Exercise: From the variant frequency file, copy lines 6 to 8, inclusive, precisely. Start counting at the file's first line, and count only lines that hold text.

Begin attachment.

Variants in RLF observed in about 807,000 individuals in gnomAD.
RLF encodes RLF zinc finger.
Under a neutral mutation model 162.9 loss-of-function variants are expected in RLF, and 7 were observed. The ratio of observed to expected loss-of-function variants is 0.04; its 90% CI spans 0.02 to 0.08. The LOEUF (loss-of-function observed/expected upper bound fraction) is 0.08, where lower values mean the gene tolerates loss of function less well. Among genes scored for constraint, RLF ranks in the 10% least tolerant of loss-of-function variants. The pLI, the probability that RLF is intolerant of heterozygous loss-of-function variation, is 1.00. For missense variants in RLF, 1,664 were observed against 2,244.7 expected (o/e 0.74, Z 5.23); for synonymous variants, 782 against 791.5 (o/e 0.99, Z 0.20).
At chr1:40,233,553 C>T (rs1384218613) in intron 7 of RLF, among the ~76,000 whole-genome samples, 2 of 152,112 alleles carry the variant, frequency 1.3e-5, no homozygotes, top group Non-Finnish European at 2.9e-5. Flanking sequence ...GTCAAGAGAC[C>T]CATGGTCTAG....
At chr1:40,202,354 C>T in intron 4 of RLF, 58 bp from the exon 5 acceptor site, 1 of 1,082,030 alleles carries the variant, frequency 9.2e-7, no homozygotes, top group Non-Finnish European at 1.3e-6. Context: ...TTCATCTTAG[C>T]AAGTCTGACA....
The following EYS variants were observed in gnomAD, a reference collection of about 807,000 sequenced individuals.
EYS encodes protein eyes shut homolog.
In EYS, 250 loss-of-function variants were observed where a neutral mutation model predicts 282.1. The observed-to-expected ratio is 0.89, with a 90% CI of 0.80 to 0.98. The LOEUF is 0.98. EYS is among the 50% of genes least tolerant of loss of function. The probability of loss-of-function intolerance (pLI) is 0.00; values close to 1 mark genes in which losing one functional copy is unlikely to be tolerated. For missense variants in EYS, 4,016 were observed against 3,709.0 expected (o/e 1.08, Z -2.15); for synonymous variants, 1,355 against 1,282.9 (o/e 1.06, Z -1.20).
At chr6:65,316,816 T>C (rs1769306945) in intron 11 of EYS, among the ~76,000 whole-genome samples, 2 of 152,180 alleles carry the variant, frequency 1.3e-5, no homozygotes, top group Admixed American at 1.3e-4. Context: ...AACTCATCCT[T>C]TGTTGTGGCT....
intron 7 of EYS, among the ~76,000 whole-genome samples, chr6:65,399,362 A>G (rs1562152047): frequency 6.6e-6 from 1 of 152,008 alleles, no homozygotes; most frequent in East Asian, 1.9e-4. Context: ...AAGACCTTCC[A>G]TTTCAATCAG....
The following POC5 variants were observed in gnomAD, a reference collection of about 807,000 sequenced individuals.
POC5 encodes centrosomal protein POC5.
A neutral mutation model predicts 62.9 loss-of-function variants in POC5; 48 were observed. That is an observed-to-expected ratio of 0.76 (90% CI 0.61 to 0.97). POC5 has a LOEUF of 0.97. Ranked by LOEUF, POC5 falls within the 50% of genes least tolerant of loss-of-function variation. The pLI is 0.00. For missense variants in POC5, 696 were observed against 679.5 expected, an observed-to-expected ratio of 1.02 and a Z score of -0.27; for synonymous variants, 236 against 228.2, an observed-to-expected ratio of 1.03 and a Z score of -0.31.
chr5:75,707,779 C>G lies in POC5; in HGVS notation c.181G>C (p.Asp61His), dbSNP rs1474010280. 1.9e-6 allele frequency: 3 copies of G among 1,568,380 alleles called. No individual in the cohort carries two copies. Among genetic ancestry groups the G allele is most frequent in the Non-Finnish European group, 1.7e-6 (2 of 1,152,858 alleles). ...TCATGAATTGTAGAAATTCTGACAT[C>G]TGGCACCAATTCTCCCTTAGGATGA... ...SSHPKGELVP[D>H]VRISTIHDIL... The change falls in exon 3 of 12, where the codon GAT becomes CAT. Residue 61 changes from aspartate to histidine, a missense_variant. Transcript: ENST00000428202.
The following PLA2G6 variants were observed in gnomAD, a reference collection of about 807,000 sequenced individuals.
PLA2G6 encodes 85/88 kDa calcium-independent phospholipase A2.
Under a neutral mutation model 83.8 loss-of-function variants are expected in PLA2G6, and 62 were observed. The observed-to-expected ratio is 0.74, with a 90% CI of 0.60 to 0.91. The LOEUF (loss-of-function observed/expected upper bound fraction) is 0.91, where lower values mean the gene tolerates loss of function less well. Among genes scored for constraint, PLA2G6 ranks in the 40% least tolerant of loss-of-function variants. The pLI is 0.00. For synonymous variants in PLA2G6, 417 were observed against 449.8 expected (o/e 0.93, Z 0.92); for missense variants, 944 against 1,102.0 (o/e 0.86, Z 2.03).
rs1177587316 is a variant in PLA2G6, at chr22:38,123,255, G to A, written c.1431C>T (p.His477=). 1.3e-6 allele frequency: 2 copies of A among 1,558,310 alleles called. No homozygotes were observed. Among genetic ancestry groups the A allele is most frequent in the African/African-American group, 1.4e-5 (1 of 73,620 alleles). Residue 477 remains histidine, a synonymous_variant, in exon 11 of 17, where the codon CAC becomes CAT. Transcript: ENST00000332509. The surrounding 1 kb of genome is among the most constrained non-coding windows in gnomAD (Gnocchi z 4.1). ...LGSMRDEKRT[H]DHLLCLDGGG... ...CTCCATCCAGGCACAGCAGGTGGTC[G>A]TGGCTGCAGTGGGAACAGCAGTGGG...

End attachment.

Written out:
The following EYS variants were observed in gnomAD, a reference collection of about 807,000 sequenced individuals.
EYS encodes protein eyes shut homolog.
In EYS, 250 loss-of-function variants were observed where a neutral mutation model predicts 282.1. The observed-to-expected ratio is 0.89, with a 90% CI of 0.80 to 0.98. The LOEUF is 0.98. EYS is among the 50% of genes least tolerant of loss of function. The probability of loss-of-function intolerance (pLI) is 0.00; values close to 1 mark genes in which losing one functional copy is unlikely to be tolerated. For missense variants in EYS, 4,016 were observed against 3,709.0 expected (o/e 1.08, Z -2.15); for synonymous variants, 1,355 against 1,282.9 (o/e 1.06, Z -1.20).